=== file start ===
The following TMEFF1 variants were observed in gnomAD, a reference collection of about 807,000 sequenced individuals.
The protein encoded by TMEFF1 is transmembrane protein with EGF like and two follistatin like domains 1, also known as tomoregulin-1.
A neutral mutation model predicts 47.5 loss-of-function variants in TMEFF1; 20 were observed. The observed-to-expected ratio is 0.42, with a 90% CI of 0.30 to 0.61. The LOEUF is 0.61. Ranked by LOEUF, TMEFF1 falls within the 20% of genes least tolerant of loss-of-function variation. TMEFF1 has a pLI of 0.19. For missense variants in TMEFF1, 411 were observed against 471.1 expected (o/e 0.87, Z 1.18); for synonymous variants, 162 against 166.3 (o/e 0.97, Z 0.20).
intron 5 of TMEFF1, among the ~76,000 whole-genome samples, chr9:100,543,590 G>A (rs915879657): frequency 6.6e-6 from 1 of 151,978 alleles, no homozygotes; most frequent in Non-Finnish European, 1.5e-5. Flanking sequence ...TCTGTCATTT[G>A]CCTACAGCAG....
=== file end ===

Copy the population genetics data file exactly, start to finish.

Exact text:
The following TMEFF1 variants were observed in gnomAD, a reference collection of about 807,000 sequenced individuals.
The protein encoded by TMEFF1 is transmembrane protein with EGF like and two follistatin like domains 1, also known as tomoregulin-1.
A neutral mutation model predicts 47.5 loss-of-function variants in TMEFF1; 20 were observed. The observed-to-expected ratio is 0.42, with a 90% CI of 0.30 to 0.61. The LOEUF is 0.61. Ranked by LOEUF, TMEFF1 falls within the 20% of genes least tolerant of loss-of-function variation. TMEFF1 has a pLI of 0.19. For missense variants in TMEFF1, 411 were observed against 471.1 expected (o/e 0.87, Z 1.18); for synonymous variants, 162 against 166.3 (o/e 0.97, Z 0.20).
intron 5 of TMEFF1, among the ~76,000 whole-genome samples, chr9:100,543,590 G>A (rs915879657): frequency 6.6e-6 from 1 of 151,978 alleles, no homozygotes; most frequent in Non-Finnish European, 1.5e-5. Flanking sequence ...TCTGTCATTT[G>A]CCTACAGCAG....